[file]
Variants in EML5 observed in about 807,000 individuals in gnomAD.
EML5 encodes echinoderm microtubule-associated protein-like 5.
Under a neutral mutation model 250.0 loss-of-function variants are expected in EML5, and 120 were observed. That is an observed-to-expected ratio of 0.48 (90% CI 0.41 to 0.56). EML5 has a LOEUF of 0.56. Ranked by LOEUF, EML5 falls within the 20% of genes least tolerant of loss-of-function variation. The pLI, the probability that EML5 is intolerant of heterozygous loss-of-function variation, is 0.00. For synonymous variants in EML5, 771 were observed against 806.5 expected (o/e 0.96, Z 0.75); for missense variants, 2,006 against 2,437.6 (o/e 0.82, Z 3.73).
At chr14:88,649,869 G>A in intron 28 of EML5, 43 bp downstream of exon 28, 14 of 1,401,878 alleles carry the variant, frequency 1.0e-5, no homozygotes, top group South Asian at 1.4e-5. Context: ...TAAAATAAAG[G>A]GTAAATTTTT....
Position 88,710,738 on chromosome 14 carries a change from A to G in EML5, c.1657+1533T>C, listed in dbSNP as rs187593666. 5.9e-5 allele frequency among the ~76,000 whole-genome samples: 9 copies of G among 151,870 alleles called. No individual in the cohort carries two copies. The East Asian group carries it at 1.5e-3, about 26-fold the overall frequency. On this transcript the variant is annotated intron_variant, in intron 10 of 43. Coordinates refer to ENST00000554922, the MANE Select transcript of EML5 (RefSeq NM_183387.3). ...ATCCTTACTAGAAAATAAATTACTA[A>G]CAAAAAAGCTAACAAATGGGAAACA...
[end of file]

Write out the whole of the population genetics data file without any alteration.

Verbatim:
Variants in EML5 observed in about 807,000 individuals in gnomAD.
EML5 encodes echinoderm microtubule-associated protein-like 5.
Under a neutral mutation model 250.0 loss-of-function variants are expected in EML5, and 120 were observed. That is an observed-to-expected ratio of 0.48 (90% CI 0.41 to 0.56). EML5 has a LOEUF of 0.56. Ranked by LOEUF, EML5 falls within the 20% of genes least tolerant of loss-of-function variation. The pLI, the probability that EML5 is intolerant of heterozygous loss-of-function variation, is 0.00. For synonymous variants in EML5, 771 were observed against 806.5 expected (o/e 0.96, Z 0.75); for missense variants, 2,006 against 2,437.6 (o/e 0.82, Z 3.73).
At chr14:88,649,869 G>A in intron 28 of EML5, 43 bp downstream of exon 28, 14 of 1,401,878 alleles carry the variant, frequency 1.0e-5, no homozygotes, top group South Asian at 1.4e-5. Context: ...TAAAATAAAG[G>A]GTAAATTTTT....
Position 88,710,738 on chromosome 14 carries a change from A to G in EML5, c.1657+1533T>C, listed in dbSNP as rs187593666. 5.9e-5 allele frequency among the ~76,000 whole-genome samples: 9 copies of G among 151,870 alleles called. No individual in the cohort carries two copies. The East Asian group carries it at 1.5e-3, about 26-fold the overall frequency. On this transcript the variant is annotated intron_variant, in intron 10 of 43. Coordinates refer to ENST00000554922, the MANE Select transcript of EML5 (RefSeq NM_183387.3). ...ATCCTTACTAGAAAATAAATTACTA[A>G]CAAAAAAGCTAACAAATGGGAAACA...